It can be so easy to fall into a habit of focusing on the negatives: the things you hate about your job, your life, or your partner. We all do this from time to time, but it’s those thought cycles that can also sometimes lead to feelings of depression.

Some research suggests that practicing gratitude and writing down what you’re grateful for may reduce symptoms of depression and improve happiness and life satisfaction.

So as part of your daily routine, try acknowledging the things you’re grateful for as well. These don’t have to be big things. It could be as simple as a barista who was kind to you, or a butterfly that made you smile on the way to work.

Just as we all have things to be frustrated about, we also have things to be grateful for. We may just need to take time to remind ourselves of that.

Many of us have a habit of focusing on our own wants and needs, but research has found that shifting our focus toward helping others can actually improve symptoms of depression. Perhaps this is because doing so reminds us we aren’t alone and gives us a sense of purpose we might not otherwise have when simply focusing on ourselves.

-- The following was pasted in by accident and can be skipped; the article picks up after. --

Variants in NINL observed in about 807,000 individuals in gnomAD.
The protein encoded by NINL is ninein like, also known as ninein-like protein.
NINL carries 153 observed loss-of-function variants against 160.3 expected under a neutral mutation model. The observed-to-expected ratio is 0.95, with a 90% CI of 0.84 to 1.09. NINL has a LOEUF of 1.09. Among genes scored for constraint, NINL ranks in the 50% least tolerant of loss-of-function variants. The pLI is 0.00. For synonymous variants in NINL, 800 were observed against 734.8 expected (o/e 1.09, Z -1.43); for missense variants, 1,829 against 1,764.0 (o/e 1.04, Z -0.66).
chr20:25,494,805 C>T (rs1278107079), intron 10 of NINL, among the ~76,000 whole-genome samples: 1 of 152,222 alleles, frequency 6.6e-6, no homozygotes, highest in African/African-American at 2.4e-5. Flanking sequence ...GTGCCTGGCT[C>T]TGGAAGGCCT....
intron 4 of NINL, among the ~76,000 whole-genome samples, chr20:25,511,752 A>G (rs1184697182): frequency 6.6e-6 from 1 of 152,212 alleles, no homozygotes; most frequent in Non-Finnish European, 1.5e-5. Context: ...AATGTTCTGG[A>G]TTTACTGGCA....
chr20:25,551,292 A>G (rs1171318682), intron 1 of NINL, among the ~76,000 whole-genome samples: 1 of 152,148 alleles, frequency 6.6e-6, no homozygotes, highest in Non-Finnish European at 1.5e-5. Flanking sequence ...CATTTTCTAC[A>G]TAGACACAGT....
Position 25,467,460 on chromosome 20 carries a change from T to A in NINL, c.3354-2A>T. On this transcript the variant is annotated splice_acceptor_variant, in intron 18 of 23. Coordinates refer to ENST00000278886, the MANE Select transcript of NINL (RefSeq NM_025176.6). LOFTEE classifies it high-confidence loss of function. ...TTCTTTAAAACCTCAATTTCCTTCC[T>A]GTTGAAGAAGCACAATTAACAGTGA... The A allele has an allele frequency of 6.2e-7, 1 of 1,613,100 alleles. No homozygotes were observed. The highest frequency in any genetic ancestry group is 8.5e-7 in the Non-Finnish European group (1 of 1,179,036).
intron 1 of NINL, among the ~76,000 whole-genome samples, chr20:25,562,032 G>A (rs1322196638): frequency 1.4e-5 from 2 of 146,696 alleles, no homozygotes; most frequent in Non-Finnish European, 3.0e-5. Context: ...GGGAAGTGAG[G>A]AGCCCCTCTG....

Either way, it’s never a bad thing to try to make someone else’s day brighter. Acts of compassion and kindness don’t have to be expensive or time-consuming, either. It could be as simple as holding the door for someone who seems like they’re carrying a lot or bringing a cup of coffee to a friend who might need it.

While you’re at it, practicing a little self-care is important too. Many health organizations emphasize the importance of self-care, and some research suggests that self-care strategies like relaxation or meditation show promise in reducing symptoms of depression and anxiety.